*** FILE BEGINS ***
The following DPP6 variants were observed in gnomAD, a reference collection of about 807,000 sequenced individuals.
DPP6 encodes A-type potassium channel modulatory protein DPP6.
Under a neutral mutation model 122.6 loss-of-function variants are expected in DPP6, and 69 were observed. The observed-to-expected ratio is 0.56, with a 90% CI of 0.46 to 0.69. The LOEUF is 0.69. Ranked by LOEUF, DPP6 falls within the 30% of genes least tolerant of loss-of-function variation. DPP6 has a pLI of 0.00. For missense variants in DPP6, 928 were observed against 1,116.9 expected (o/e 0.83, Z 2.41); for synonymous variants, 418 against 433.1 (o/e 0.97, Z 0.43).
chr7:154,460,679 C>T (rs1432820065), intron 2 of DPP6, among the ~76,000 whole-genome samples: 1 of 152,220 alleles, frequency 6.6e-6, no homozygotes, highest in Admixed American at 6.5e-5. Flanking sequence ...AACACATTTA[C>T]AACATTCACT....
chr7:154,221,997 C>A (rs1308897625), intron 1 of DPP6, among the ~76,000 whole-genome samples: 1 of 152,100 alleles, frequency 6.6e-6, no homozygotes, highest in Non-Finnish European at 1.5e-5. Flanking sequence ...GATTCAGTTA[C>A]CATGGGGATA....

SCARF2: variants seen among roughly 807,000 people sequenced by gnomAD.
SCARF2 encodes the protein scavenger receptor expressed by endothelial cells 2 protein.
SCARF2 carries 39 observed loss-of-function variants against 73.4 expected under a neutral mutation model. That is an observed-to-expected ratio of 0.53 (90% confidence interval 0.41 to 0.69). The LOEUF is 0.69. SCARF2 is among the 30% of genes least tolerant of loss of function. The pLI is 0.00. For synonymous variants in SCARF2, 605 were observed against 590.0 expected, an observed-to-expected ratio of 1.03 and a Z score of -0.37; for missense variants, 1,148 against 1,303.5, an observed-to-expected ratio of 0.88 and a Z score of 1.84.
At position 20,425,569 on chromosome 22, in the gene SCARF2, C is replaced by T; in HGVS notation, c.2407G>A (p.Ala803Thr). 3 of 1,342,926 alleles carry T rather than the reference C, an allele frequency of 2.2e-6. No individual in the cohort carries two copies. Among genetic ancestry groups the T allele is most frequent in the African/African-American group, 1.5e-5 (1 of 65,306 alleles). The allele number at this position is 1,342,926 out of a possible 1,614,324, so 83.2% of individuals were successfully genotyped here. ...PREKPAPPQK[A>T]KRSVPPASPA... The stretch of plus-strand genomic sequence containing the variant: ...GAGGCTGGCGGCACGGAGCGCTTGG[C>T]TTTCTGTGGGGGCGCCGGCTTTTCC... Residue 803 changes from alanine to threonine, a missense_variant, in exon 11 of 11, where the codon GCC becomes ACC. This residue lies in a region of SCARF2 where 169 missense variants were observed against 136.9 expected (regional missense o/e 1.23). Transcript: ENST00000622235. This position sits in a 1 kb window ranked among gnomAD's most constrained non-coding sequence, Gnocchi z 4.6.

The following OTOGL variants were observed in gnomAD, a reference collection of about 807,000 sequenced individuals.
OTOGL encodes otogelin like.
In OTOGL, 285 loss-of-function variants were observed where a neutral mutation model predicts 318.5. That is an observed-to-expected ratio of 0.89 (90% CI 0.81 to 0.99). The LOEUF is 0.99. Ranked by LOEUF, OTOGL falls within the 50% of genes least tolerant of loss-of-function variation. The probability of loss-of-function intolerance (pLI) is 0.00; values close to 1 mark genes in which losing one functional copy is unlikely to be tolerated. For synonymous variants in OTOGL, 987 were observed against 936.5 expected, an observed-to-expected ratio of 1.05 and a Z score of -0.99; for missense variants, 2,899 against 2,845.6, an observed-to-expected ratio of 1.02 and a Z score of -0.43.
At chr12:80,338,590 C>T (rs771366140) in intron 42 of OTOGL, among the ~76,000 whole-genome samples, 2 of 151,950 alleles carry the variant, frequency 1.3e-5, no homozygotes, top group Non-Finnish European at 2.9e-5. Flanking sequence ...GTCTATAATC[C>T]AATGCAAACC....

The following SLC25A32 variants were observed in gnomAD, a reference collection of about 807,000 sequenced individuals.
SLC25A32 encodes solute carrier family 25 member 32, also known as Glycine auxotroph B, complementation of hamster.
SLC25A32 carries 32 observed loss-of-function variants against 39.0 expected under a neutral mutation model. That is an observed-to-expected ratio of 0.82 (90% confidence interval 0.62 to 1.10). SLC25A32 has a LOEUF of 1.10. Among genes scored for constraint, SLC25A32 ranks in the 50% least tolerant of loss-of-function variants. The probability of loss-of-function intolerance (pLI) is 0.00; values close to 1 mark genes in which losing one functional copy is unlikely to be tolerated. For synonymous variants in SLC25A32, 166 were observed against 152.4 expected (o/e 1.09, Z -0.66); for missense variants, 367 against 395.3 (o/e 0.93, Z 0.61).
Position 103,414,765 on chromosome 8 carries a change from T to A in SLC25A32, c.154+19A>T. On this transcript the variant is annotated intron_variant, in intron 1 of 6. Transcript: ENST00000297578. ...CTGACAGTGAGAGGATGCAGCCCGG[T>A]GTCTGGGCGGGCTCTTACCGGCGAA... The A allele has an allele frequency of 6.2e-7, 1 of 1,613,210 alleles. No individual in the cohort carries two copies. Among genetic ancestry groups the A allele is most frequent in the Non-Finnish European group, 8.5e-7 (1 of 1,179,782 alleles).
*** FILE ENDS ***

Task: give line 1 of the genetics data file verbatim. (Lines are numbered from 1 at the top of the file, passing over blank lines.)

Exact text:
The following DPP6 variants were observed in gnomAD, a reference collection of about 807,000 sequenced individuals.